If you like birds, the Internet Bird Collection (IBC) is an excellent place to spend some time. The IBC is an online audiovisual library of videos, photos, and sound recordings of the world’s birds created with the ultimate goal of disseminating knowledge about the world’s avifauna. You can explore multimedia materials and recordings of thousands of bird species crowdsourced by birdwatchers around the world, with their species identifications cross-checked by trained ornithologists. This vast collection can be searched and filtered by family name (common or scientific), country, keyword, date, and more, and each media entry includes a location map and shows other media recorded nearby. Those interested can create a free account and contribute their own bird photos, videos, and sound recordings. Check it out!
The Atlas of Endangered Alphabets is a fascinating project that anyone curious about written languages can enjoy and learn from. Visitors to the atlas can browse dozens of writing systems by their place of origin via the interactive map. While many of the languages represented in the atlas are spoken today, their written forms may have declined in use or have only recently been developed. Each language has its own page with images, profile, and links to additional resources. Check it out!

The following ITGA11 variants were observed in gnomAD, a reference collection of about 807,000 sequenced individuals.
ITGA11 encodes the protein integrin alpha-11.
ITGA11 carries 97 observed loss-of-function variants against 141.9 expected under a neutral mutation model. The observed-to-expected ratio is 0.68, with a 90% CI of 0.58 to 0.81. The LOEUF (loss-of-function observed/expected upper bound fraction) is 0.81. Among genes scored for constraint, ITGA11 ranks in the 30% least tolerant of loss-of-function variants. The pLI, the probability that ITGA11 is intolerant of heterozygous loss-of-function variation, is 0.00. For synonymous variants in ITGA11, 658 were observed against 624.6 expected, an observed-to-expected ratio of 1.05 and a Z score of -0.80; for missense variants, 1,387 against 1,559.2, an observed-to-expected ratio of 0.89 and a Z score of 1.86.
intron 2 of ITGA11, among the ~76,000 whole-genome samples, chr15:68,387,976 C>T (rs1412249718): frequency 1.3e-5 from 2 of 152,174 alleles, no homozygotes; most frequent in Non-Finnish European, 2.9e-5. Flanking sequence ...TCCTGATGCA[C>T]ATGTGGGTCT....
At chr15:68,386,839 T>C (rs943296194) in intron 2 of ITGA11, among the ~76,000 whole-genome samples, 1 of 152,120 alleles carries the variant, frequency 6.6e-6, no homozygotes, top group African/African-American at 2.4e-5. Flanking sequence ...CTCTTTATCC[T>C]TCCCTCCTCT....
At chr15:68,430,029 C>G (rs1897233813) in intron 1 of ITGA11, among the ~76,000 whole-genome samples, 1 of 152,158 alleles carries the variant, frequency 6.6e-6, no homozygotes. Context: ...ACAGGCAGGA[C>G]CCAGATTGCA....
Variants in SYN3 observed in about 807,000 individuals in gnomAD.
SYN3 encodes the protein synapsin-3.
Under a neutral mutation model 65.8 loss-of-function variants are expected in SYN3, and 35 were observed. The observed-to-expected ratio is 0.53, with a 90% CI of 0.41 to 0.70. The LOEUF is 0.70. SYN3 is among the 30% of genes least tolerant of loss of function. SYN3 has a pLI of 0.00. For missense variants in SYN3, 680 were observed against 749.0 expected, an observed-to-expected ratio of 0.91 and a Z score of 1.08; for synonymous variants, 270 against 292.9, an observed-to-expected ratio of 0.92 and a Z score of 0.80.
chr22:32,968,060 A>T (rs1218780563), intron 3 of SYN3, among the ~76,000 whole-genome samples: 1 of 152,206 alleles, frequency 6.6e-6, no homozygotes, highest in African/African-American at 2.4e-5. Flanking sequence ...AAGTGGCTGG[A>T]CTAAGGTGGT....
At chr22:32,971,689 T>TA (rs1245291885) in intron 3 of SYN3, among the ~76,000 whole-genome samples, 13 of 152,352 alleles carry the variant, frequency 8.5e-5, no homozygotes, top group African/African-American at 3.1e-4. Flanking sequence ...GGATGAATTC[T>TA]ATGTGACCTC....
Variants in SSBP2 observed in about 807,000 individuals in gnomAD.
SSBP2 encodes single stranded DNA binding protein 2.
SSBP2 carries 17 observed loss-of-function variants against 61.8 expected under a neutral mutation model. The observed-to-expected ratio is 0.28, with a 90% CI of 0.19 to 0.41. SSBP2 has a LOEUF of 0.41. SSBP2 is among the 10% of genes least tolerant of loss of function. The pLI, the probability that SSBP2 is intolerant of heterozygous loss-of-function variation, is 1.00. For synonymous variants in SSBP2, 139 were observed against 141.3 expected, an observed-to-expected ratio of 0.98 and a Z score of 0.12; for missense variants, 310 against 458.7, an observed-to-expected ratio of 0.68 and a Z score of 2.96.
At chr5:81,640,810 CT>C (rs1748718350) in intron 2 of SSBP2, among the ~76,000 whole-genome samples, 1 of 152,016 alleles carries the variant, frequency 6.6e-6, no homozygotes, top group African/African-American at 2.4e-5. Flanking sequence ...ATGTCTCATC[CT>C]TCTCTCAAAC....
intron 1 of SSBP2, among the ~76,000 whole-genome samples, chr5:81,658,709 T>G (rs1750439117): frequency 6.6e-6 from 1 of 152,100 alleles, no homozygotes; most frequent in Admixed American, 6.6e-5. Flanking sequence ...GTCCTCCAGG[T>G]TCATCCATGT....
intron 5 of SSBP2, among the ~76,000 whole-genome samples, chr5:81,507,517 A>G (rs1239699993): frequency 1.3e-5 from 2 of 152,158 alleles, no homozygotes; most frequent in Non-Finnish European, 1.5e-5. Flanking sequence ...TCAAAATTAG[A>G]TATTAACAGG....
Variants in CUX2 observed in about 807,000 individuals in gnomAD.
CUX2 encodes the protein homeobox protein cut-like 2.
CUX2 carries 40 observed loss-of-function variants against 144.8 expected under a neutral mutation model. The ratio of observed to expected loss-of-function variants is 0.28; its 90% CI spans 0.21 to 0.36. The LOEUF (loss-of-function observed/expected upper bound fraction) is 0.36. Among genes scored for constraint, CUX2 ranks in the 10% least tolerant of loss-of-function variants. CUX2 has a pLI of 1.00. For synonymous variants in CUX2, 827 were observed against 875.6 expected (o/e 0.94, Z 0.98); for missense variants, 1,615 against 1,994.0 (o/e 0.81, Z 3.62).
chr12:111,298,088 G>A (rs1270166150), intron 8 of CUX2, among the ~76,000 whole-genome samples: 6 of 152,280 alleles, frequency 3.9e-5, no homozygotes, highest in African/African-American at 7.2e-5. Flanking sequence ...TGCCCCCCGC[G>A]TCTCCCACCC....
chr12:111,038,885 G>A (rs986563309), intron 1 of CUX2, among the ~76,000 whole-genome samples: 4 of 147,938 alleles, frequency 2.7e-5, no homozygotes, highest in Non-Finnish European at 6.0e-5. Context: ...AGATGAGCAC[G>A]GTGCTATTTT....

For Valentine’s Day this year, enjoy this old world map in a double cordiform map projection. Published by Antonio Lafreri, c. 1564.
Most of us using GIS today do not get to do much mapping of whales, but back in the mid 19th century the American whaling trade was big business and you needed to know where the whales were.
Check out this innovative map from 1851 showing the distribution of several different species of whales, identifying each with a combination of color and pictorial symbols. The map shows at that time that the Pacific Ocean was the primary habitat for whales. The Atlantic Ocean was not because the whale resources there had been terribly depleted. Check it out!
Found this interesting digital map of San Francisco in the David Rumsey Map Collection. It was a massive wooden model of San Francisco that has not been on display in one piece since 1942. The 158 pieces that create a 42×38 foot model of the city were digitally photographed and pieced together to create one big mosaic image. The model represented the city as it was in 1940. Check it out!
Many of us that create GIS data and share with others have no idea of the unintended consequences that the data might produce. Using data and ignoring the scale, resolution, accuracy, and where it came from might produce very wrong results.
Click below to read this rather long story about how location data married with IP addresses is causing a horror show for a couple in South Africa, and this is not the only case.